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Vote Different

If you haven't seen the Vote Different ad, you've probably been living under a political rock. The ad, which slams Hillary Clinton and support Barak Obama, has been making major waves. Not only is this the first major political ad to appear, but it was completely anonymous, attributed only to the nom de plume ParkRidge47. Yesterday, on a Huffington Post blog, Philip de Vellis stepped forward claiming to be the creator of the ad.

If de Vellis is to be believed, and based on his post he is, the ad is for real. And it bothers me.

This is, perhaps, one of the worst things that could've happened to left. I understand that the intention of the ad is to promote Barak Obama, but the effect is to derisively divide the Democratic Party. Instead of opening up conversation and supporting Barak's new-style politics, it is a boon to the right wing who have dreaded the upcoming election. After eight years of bumbling, scandal and mistakes, not to mention elections so tight that fraud lawsuits are still a possibility in both, Republicans know victory is unlikely, even if higher ups are able to stifle the newly elected Democratic majority. But de Vellis's ad, as good as it may seem for freedom of speech issues and for showing us the power of the little man to make a difference, is divisive and creates a hope among Republicans.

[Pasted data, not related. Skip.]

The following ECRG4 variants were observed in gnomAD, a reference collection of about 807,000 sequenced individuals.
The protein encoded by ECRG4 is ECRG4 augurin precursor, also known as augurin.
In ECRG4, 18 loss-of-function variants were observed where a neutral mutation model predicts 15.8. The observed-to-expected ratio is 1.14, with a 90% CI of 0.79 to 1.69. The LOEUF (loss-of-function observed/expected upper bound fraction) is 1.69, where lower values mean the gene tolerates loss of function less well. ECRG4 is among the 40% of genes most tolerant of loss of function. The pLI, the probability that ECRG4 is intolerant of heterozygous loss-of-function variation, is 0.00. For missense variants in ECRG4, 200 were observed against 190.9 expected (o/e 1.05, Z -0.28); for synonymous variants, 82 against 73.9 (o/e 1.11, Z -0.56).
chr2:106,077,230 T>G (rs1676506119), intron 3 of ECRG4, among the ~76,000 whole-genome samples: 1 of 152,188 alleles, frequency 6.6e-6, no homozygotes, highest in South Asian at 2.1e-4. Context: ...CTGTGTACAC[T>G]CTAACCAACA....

Regardless of who gets the Democratic nominations, the possibility of a third party candidate--Obama or Clinton, depending on who wins--is a boon to Republicans. The one thing they've truly succeeded at in the past two elections is uniting on a common candidate. As we saw in 2000 with Nader, a third candidate dividing the left can be disastrous. Regardless whether that actually comes to pass, seeing attack ads from left wingers against other left wingers is not a good sign.